New Zealand has an employment crisis that the last National Government has refused to engage with and this denial has left tens of thousands of Kiwi workers without the wages, job security and dignity that employment can give them.
These are workers who are still unemployed and looking for work, who can’t get decent jobs, who can’t get the training to advance themselves, who can’t get extra hours and who have been left to the cruelty of the free market with Government labour programs and a job creation policy that is basically broken and not responsive to the needs of real people.
As the new Minister for Employment I am not interested in vanity statistics that show unemployment dropping when the lived reality for Pasifika, Māori, women, migrant workers, students and the disabled are the complete opposite of such rosy numbers. The truth is that the latest unemployment figures dropping to 4.5 per cent conceals the actual reality regarding employment in our communities. It is undeniable that we have a crisis, particularly with Māori being unemployed, under-utilised and not being resourced adequately.
Job creation programmes must be developed through a partnership with trade unions, business, Māori, local and regional government, tertiary education sector, Pasifika, migrants and the community economic sector. We can no longer afford to be a Government that leaves job creation to the free market as that free market is exploiting or disqualifying our communities from the benefits proper jobs can bring. The job market that the new Government inherits from the previous one is an unequal and broken labour force with chronic shortages, incredibly loose criteria for migrants entering our workforce, weaker worker rights and high unemployment amongst Māori, young people and in the regions.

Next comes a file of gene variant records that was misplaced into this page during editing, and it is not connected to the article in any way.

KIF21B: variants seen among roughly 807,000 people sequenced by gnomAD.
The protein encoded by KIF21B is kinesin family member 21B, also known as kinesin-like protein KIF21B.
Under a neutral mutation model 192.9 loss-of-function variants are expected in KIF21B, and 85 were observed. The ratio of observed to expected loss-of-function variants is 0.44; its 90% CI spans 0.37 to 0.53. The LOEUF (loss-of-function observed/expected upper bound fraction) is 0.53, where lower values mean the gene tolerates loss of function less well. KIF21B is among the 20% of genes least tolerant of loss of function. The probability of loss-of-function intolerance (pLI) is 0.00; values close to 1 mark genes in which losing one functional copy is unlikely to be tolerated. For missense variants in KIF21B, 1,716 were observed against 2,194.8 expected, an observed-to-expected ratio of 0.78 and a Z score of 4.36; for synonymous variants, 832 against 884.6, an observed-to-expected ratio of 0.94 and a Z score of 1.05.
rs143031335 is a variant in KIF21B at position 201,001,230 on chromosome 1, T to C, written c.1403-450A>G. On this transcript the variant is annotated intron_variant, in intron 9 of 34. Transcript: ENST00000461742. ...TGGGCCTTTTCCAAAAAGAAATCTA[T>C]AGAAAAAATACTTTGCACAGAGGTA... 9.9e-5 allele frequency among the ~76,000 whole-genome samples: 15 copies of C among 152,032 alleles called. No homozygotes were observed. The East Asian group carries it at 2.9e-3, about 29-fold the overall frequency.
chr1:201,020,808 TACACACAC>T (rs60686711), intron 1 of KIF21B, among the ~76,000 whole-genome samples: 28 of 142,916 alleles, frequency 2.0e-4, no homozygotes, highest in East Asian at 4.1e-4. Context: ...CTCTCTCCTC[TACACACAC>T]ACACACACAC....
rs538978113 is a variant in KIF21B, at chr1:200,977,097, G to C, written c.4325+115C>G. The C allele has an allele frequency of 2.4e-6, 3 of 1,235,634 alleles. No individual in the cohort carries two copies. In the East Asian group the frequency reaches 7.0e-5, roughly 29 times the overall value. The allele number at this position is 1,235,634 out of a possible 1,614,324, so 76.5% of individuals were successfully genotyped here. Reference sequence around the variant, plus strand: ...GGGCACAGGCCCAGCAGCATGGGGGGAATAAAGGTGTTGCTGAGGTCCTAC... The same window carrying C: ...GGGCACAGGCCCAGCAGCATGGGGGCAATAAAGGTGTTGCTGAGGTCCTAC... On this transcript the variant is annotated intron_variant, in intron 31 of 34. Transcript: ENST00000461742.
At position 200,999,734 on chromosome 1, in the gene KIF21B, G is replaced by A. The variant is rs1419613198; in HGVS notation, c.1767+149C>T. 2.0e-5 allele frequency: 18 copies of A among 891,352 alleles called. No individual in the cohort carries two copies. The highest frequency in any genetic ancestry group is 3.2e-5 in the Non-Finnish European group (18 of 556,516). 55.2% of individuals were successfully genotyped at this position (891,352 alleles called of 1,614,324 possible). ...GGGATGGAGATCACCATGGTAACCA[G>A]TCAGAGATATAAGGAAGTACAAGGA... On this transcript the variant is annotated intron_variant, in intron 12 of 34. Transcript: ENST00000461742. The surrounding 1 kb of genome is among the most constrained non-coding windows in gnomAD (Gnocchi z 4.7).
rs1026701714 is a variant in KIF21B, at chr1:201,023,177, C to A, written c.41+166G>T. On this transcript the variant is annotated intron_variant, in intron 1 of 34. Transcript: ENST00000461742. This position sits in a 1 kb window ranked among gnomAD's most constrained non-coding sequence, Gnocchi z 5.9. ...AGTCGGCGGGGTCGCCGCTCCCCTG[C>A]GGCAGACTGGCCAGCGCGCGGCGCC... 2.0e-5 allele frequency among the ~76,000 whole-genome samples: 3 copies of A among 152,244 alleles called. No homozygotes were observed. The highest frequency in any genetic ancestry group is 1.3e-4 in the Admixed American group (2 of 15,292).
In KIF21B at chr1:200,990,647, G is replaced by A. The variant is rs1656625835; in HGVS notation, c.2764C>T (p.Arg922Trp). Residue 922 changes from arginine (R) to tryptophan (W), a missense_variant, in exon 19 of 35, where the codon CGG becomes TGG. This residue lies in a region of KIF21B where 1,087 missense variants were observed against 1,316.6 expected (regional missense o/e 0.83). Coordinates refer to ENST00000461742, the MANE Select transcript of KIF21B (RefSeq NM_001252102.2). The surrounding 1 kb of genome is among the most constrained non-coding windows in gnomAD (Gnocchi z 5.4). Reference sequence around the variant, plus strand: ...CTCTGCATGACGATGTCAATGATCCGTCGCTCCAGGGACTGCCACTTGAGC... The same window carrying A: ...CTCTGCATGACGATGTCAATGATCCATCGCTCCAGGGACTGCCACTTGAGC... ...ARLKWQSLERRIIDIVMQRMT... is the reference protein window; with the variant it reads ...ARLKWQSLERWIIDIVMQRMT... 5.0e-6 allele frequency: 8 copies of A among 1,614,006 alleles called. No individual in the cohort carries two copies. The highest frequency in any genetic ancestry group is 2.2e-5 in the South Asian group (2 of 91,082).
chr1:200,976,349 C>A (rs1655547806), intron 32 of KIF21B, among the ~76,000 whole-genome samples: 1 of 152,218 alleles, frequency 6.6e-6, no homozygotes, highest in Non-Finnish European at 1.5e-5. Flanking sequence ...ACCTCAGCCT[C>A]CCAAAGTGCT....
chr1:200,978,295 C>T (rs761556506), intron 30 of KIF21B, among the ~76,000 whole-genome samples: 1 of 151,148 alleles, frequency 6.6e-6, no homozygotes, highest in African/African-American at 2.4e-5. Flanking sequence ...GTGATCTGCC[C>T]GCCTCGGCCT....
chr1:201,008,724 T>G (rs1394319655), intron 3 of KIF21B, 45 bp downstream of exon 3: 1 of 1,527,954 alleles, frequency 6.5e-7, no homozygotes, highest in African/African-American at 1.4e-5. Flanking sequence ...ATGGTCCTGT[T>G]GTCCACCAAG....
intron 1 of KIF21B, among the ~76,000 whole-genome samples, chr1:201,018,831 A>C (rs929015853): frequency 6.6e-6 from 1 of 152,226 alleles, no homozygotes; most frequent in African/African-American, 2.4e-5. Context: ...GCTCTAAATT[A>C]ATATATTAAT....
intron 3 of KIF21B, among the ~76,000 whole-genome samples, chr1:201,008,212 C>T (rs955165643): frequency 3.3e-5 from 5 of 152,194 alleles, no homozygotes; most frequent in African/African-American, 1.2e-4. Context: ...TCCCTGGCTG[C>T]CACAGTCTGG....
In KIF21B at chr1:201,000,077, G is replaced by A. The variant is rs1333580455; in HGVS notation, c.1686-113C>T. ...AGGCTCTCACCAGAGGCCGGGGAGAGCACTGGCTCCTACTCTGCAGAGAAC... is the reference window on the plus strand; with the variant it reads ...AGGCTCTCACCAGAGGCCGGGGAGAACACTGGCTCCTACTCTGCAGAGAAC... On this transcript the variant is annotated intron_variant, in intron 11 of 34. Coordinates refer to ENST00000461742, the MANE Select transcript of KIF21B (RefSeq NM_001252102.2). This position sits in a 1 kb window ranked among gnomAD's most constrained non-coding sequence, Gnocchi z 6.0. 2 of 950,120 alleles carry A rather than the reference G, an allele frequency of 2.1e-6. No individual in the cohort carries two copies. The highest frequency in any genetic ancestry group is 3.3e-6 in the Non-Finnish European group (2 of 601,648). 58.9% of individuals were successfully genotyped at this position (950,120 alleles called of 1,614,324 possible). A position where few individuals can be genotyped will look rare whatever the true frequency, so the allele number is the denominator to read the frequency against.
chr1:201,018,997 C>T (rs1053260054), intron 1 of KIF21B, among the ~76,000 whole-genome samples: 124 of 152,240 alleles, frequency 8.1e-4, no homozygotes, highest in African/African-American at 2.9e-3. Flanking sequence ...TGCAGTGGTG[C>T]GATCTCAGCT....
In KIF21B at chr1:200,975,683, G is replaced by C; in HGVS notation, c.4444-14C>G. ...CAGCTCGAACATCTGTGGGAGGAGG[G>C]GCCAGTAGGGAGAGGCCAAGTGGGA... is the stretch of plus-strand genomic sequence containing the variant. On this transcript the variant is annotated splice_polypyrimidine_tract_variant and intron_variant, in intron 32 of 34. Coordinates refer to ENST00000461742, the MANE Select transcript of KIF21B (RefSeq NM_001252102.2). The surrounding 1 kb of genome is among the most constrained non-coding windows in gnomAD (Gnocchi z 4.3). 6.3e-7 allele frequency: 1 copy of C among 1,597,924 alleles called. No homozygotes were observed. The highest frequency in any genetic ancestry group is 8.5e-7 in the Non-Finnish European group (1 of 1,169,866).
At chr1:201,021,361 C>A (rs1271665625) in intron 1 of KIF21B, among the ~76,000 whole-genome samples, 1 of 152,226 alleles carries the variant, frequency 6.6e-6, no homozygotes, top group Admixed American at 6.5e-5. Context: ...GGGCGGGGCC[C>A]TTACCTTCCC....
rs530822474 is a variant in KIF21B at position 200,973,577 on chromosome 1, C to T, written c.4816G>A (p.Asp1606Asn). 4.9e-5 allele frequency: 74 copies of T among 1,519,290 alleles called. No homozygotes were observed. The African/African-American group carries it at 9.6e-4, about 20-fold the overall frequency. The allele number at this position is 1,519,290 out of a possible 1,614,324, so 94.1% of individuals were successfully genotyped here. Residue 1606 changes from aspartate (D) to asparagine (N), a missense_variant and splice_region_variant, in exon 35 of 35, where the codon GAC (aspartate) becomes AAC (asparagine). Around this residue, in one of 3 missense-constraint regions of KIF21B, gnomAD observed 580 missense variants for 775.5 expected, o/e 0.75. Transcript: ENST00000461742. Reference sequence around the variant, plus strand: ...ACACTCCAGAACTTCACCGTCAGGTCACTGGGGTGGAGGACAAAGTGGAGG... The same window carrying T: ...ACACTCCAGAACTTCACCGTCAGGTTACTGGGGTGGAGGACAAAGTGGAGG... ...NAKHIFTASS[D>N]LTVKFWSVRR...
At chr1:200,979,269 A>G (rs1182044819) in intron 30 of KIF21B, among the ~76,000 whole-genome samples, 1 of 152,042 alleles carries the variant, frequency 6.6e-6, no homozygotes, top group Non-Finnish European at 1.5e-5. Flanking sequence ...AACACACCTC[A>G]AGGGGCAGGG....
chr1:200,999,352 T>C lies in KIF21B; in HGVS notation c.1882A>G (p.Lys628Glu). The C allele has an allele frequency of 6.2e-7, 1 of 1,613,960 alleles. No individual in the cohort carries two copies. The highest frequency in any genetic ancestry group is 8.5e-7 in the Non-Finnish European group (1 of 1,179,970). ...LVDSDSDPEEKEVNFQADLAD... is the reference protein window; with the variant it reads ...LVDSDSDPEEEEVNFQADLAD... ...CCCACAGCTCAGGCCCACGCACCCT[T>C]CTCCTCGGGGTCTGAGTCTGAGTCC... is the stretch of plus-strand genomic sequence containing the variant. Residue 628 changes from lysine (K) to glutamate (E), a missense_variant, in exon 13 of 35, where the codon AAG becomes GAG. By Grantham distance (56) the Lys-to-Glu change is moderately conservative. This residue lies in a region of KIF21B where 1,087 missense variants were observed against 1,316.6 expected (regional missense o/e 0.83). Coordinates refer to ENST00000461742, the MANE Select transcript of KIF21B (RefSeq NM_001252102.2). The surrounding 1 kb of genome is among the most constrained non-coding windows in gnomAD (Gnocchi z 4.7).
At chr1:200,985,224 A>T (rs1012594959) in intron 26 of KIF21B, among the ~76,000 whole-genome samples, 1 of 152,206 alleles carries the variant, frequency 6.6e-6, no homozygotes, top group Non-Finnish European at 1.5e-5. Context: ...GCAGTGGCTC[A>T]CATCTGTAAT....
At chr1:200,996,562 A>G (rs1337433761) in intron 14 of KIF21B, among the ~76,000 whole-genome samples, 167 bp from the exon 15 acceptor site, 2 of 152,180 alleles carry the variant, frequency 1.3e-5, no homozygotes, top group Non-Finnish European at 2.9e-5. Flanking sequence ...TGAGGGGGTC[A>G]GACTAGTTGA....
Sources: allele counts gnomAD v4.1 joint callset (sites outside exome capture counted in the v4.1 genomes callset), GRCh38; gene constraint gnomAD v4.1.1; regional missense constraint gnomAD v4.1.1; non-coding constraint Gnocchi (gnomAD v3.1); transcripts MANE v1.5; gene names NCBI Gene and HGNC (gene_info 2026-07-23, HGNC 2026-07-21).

For nine years we’ve had Government policy which has offered up little more than lip service to job creation. Enhanced Taskforce Green was kept running for natural disasters and WINZ continued to subsidise employers wage costs for natural disasters, but waiting on natural disasters to occur isn’t really much of a job creation program. The only other program that can be held up by the previous Government was ‘unpaid workplace training’ for companies like the Warehouse. Unions have noted the evidence of job dislocation from this unpaid training.
I want to be a Minister that is part of a Government that brings dignity back to work and proactively seeks community partnerships for job creation. If we can give people jobs that give them dignity, then that dignity can start healing many of the frictions we see erupt in our society.
In my column next week, I’ll detail our solutions to creating jobs with dignity.
First published in the Manukau Courier